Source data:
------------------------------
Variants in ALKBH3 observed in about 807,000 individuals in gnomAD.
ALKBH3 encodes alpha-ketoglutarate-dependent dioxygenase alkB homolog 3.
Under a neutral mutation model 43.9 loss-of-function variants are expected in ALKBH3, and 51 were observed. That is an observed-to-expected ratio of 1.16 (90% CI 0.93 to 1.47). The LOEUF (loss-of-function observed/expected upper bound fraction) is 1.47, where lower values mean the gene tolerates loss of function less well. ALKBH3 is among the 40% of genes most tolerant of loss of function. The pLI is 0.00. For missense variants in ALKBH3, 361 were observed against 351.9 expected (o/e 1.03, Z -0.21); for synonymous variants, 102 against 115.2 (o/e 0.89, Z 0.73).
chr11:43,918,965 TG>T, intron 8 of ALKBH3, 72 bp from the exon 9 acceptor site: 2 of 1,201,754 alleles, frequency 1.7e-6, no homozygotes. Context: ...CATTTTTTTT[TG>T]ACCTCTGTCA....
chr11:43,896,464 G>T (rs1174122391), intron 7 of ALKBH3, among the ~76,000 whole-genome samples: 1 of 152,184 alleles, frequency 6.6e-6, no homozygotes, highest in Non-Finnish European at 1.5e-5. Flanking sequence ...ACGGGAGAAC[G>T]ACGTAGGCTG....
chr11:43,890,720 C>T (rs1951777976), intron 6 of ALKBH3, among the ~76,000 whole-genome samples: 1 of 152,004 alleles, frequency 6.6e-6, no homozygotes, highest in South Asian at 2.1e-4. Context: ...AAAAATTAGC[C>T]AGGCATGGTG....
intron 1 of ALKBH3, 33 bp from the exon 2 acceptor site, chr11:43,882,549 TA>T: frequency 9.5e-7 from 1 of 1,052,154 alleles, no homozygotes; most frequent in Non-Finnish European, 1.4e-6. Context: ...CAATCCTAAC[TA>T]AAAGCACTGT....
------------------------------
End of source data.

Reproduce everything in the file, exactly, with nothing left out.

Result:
Variants in ALKBH3 observed in about 807,000 individuals in gnomAD.
ALKBH3 encodes alpha-ketoglutarate-dependent dioxygenase alkB homolog 3.
Under a neutral mutation model 43.9 loss-of-function variants are expected in ALKBH3, and 51 were observed. That is an observed-to-expected ratio of 1.16 (90% CI 0.93 to 1.47). The LOEUF (loss-of-function observed/expected upper bound fraction) is 1.47, where lower values mean the gene tolerates loss of function less well. ALKBH3 is among the 40% of genes most tolerant of loss of function. The pLI is 0.00. For missense variants in ALKBH3, 361 were observed against 351.9 expected (o/e 1.03, Z -0.21); for synonymous variants, 102 against 115.2 (o/e 0.89, Z 0.73).
chr11:43,918,965 TG>T, intron 8 of ALKBH3, 72 bp from the exon 9 acceptor site: 2 of 1,201,754 alleles, frequency 1.7e-6, no homozygotes. Context: ...CATTTTTTTT[TG>T]ACCTCTGTCA....
chr11:43,896,464 G>T (rs1174122391), intron 7 of ALKBH3, among the ~76,000 whole-genome samples: 1 of 152,184 alleles, frequency 6.6e-6, no homozygotes, highest in Non-Finnish European at 1.5e-5. Flanking sequence ...ACGGGAGAAC[G>T]ACGTAGGCTG....
chr11:43,890,720 C>T (rs1951777976), intron 6 of ALKBH3, among the ~76,000 whole-genome samples: 1 of 152,004 alleles, frequency 6.6e-6, no homozygotes, highest in South Asian at 2.1e-4. Context: ...AAAAATTAGC[C>T]AGGCATGGTG....
intron 1 of ALKBH3, 33 bp from the exon 2 acceptor site, chr11:43,882,549 TA>T: frequency 9.5e-7 from 1 of 1,052,154 alleles, no homozygotes; most frequent in Non-Finnish European, 1.4e-6. Context: ...CAATCCTAAC[TA>T]AAAGCACTGT....